I could tell that there were different people into different departments, so I was talking to… The leasing agent wasn’t necessarily doing everything, it was diversified a little bit. So this company rose to the top. And I did the same thing. Well, they ended up having an agent in-house because there are brokers also, so they recommended an agent and he ended up working out really well. But I also did the same thing for an agent, same BiggerPockets tool, search the agents, start messaging them. The people that responded are obviously shortlisted. And then I just started interviewing them. I just started sending them properties. I’m like, “Hey, what do you think? What do you think? What do you think?”
And the people that were the most responsive, even outside of business hours, because “Ohio’s two hours ahead of me, so I would be finally getting to real estate after 5:00, six o’clock my time, so it’s 8:00 or nine o’clock their time. But if they’re responding, that was a really good sign that they wanted to help me out. Eventually, I’ve narrowed it down to two, and the one that was already with this property management company rose to the top as being the most helpful. So that was how I found the agent property management. Then the agent had a contractor that they referred me to, that he’d done work with before. So that’s right where we started with the contractor.
And luckily, he’s been really good. I don’t think that usually happens. I think you got to go through two or three to find the right one, but this one, we lucked into a great contractor right out of the gate and it’s been pretty good so far.

Ashley:
Justin, I just have to say that the ones you’re sending deals to who didn’t respond, it’s because they went and bought those deals that you’ve sent to them. That’s why you never heard back. If anyone wants to take Justin’s route to find and agent through BiggerPockets, the link to that is biggerpockets.com/agent. And you can search the market you’re looking in and it’ll pop up agents that are available in those areas. So Justin, let’s dive into one of your deals. Let’s hear all the numbers. I’m going to just ask you a couple of questions real quick before we get into the actual story of it. So what deal do you want to talk about today?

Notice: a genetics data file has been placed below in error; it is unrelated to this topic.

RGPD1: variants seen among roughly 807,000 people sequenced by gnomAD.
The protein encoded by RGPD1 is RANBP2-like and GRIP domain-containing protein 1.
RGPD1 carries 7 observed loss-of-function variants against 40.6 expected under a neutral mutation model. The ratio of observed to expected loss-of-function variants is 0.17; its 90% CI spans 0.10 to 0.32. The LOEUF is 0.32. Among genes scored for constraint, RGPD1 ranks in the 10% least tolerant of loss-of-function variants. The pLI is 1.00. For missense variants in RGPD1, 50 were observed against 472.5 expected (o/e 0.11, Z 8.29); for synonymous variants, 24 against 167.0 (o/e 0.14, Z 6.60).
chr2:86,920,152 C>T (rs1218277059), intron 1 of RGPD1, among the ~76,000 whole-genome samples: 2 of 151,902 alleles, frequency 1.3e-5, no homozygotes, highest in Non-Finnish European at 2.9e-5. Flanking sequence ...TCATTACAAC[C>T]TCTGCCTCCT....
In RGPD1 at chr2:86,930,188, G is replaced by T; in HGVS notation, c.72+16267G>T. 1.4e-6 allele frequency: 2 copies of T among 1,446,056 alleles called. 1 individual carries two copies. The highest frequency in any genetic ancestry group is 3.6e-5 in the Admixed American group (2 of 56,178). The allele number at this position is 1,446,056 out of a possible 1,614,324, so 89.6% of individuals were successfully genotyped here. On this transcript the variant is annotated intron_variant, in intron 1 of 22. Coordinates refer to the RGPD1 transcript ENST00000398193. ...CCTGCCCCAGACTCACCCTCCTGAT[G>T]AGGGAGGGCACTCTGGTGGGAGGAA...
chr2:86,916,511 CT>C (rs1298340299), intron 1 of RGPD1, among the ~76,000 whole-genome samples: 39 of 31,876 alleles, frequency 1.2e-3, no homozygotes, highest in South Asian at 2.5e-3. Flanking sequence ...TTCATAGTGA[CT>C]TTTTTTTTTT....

Justin:
Do you want a good deal or a bad deal?

Tony:
Whichever one is the most educational, probably for the listeners.

Ashley:
Justin, I’m going to do some fire, rapid questions at you real quick and then you can go into the story. How did you find the deal?

Justin:
On the MLS. Yeah.

Ashley:
Okay. What was the purchase price?

Justin:
I think it was $42,000.

Ashley:
And what kind of strategy are you using this for, BRRRR?

Justin:
We did the BRRRR method, yup.

Ashley:
And what was the rehab cost on it?

Justin:
This one was like, I think it was $12,000.

Ashley:
And is it fully rented now?

Justin:
Yep.

Ashley:
All done with it?

Justin:
Mm-hmm (affirmative).

Ashley:
Okay. We’ll save so you can tell us, is this the good deal or the bad deal?

Justin:
This is a good deal. Yeah. This is a good one.

Ashley:
The good deal. You don’t have to tell us how it worked out yet. So go ahead and tell us the story of how you acquired it, things you learned along the way. And then at the end, let us know what’s your cashflow, what did you refinance it, and how did it work out for you?

Justin:
Yeah. This is one of the, I think this was the first deal in Ohio, and it was important because we proved the model. We proved that it could work. So what we learned was, “Hey, we can do this.” Which is a big thing for me because just knowing that it can work and I can succeed just like all the guests on the BiggerPockets Podcast, that was important to me, just knowing that the model worked and that we could succeed in it. So we bought the property, it went really pretty smoothly as far as through the rehab. And we’ve learned how to work with that contractor, how to communicate.
There was definitely some things that I should have been more clear on as far as what exactly he was going to do on the rehab, so I’ve been fine tuning that over time now, like, “Okay, great that’s your price, this is your very vague scope of work,” but I’ve learned that I need to be a lot more specific because when he comes for that, whatever the second payment or whatever, it’s nice to know that he actually did certain things in the scope of work. So the more specific that scope of work is, the better. That’s been a tough lesson for me to learn, but that’s one thing we learned on this first deal. It ended up appraising, I think it appraised for like 75,000. And so we were able to get all, but a couple thousand bucks out of the cash out refinance.
It’s renting for 950, so I think there’s like just under $300 of cashflow. So it’s been a good property for us, it’s been our favorite, for sure.

Tony:
Justin, I have one follow-up question, I brought it up on Google Maps here, Utah is 1,712 miles away from Ohio. That’s a very long distance, and I think a lot of people have fears of not just investing out of state, but even more so managing this rehab from out of state. So you already touched on the scope of work and how you’ve made some tweaks to that, but A, were you nervous about managing a rehab from such a far distance? And B, what are some of the things you felt that you did that made managing that rehab successful?